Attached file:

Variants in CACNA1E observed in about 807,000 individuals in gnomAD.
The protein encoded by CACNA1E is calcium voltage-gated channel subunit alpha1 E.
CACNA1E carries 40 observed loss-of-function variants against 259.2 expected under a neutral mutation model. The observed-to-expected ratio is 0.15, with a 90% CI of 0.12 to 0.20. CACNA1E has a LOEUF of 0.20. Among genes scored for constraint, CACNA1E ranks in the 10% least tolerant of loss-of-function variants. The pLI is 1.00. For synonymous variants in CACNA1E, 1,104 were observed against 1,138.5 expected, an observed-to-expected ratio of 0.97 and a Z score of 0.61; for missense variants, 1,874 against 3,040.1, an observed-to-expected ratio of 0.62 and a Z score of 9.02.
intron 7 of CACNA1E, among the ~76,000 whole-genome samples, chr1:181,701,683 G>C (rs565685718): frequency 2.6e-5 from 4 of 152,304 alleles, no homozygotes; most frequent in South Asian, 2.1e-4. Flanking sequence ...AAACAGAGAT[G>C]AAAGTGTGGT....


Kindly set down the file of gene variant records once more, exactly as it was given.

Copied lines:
Variants in CACNA1E observed in about 807,000 individuals in gnomAD.
The protein encoded by CACNA1E is calcium voltage-gated channel subunit alpha1 E.
CACNA1E carries 40 observed loss-of-function variants against 259.2 expected under a neutral mutation model. The observed-to-expected ratio is 0.15, with a 90% CI of 0.12 to 0.20. CACNA1E has a LOEUF of 0.20. Among genes scored for constraint, CACNA1E ranks in the 10% least tolerant of loss-of-function variants. The pLI is 1.00. For synonymous variants in CACNA1E, 1,104 were observed against 1,138.5 expected, an observed-to-expected ratio of 0.97 and a Z score of 0.61; for missense variants, 1,874 against 3,040.1, an observed-to-expected ratio of 0.62 and a Z score of 9.02.
intron 7 of CACNA1E, among the ~76,000 whole-genome samples, chr1:181,701,683 G>C (rs565685718): frequency 2.6e-5 from 4 of 152,304 alleles, no homozygotes; most frequent in South Asian, 2.1e-4. Flanking sequence ...AAACAGAGAT[G>C]AAAGTGTGGT....